When you think of “bathing suit material,” what comes to mind is probably synthetic—some stretchy, shiny blend of nylon or polyester with a bunch of Lycra or spandex. But historically, bathing suits were made of natural materials like wool, and despite modern advances in technical fabrics, Merino is a surprisingly awesome choice for swimwear.
A Brief History of Wool for Swimsuits — and Why It’s Due for a Comeback
The earliest bikinis date back to ancient Greek bathhouses  but disappeared for over two thousand years until the 1940s when they came back into fashion and women left behind their “bathing costumes,” which included corsets and shoes. Regardless of the cut, swimsuits were made of a woven woolen material until the 1930s, when manufacturers started adding a bit of silk and elastic. In the 1950s, synthetics came along, and manufacturers started using nylon, lycra, or Spandex thanks to the fabric's ability to stretch—and its low cost to produce. 
As it turns out, wool—specifically Merino wool—is a natural choice for swimwear. Merino stays opaque when wet, plus it’s lightweight and dries quickly, making it a great choice for your health. Merino is also a renewable fiber that's sustainable and helps Mother Earth, who’s struggling under the weight of climate change. But does wool really work as swimwear? We took BRANWYN to the beaches of Puerto Rico to see how it held up in sand, sun, and salt water.
Check out our photo diary to see how it went...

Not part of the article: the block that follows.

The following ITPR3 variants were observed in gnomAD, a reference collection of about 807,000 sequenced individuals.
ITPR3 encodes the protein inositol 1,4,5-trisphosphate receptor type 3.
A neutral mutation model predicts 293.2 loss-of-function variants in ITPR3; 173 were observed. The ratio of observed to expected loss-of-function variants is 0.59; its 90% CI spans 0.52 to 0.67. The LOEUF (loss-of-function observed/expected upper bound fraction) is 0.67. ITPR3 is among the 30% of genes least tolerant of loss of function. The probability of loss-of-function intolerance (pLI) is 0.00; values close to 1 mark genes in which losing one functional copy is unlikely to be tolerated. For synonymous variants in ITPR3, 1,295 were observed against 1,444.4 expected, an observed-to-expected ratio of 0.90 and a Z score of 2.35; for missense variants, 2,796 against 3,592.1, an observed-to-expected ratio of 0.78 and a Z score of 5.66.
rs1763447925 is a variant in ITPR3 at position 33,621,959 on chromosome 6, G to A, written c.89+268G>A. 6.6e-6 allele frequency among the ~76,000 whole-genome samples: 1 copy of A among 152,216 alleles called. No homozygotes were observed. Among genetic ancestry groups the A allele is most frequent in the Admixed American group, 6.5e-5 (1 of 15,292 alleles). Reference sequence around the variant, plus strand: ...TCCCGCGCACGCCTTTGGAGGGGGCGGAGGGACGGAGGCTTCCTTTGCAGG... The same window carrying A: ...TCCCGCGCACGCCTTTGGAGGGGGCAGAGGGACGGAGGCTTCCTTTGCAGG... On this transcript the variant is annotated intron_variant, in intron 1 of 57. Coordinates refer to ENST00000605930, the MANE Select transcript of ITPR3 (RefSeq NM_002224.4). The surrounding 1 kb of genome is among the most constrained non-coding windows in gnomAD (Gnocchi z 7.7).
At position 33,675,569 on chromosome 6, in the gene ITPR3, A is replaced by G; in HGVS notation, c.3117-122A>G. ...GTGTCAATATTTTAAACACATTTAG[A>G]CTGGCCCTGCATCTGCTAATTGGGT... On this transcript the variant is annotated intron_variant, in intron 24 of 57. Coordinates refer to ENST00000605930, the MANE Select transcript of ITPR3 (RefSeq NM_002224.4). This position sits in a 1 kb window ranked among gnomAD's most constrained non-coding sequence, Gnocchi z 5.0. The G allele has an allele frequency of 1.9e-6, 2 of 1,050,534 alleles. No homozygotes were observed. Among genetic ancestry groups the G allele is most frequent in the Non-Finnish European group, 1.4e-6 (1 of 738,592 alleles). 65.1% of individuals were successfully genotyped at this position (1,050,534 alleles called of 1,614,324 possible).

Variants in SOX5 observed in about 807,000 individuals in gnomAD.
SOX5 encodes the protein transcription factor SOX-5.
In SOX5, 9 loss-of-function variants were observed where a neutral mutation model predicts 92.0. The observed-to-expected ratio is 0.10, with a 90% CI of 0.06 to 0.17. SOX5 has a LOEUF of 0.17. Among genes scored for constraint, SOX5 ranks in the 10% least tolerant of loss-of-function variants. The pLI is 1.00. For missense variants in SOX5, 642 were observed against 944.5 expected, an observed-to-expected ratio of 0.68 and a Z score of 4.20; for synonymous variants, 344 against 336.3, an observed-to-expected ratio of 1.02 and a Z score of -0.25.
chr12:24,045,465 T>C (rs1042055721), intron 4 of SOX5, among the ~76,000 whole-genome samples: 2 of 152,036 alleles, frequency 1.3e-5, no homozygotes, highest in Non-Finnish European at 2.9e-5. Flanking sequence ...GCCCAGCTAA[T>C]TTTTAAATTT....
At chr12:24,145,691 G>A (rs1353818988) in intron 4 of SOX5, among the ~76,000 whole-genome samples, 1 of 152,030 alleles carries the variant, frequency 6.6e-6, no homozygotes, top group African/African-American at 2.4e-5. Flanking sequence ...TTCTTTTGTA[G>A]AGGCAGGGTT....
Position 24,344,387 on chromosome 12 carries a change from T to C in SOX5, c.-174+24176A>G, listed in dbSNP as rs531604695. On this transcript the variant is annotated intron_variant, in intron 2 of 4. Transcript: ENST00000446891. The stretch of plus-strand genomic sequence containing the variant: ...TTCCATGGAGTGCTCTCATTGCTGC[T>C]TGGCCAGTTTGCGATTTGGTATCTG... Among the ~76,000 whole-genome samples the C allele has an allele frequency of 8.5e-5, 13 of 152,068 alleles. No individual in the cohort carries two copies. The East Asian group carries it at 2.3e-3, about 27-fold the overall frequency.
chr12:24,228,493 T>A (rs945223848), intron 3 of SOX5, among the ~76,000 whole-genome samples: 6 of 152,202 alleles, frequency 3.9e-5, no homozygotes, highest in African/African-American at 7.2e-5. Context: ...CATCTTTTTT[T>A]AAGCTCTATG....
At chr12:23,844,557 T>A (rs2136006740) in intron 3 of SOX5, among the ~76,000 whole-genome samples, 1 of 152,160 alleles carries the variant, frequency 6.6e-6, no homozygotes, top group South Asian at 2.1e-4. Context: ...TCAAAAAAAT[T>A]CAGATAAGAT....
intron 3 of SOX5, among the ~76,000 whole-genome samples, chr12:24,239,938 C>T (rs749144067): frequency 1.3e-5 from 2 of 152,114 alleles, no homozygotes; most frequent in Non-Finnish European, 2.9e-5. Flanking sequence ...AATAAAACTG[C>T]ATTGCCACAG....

BRANWYN photographer Lane Oliveri has a long list of places on her “to-see” list but always loves returning to Puerto Rico. Before she leaves, she's already planning her next visit.
But there's also plenty of room for quiet contemplation. "Puerto Rico is less geared toward tourism than many other Caribbean islands and I absolutely love that," Lane explains. "It’s less done up, pretentious or pandering."
Lane and Soraya, a local Puerto Rican model, stopped at Playa Loquillo to put BRANWYN to the test while wave riding.
And model Ashley, also from Puerto Rico, took BRANWYN to the beach to see how our underwear doubles as swimwear.
The answer: perfectly. "I was surprised how well the product holds up transitioning from underwear to swimwear, staying up, staying on in the waves, and even the lightest colors did not become transparent when wet," Lane says.
Lane and Ashley hit Playa Vacía Talega, one of Puerto Rico’s magical palm-lined beaches. "Puerto Rico has this amazing unique yellow-gold colored sand, with a soft consistency almost like play dough," Lane says, "And I love how the sand and skin and nude toned Branwyn product create a gorgeous monochrome pallet."
Lane and Soraya adventured to El Yunque, a sacred place in Puerto Rican culture and the only tropical rainforest in the U.S. National Forest System.
Whether we're scrambling up rocks, swimming or anything in between, BRANWYN keeps us fresh, confident, and free to tackle any adventure.
When swimming and sunbathing in a sacred, natural spot like El Yunque, it makes sense to wear natural, breathable, eco-friendly fabrics like Merino wool.
BRANWYN's Merino pieces are versatile and quick-dry, keeping us fresh so we can effortlessly transition from the beach and rainforest to Kiosko La Comay, one of Lane's favorite food stops on the island.
No swimwear? No problem. You have BRANWYN, and yeah we call it INNERWEAR, but it works equally well for swimwear in every color, every style. Yup, naturally sustainable Merino swimwear—it's definitely a BRANWYN thing.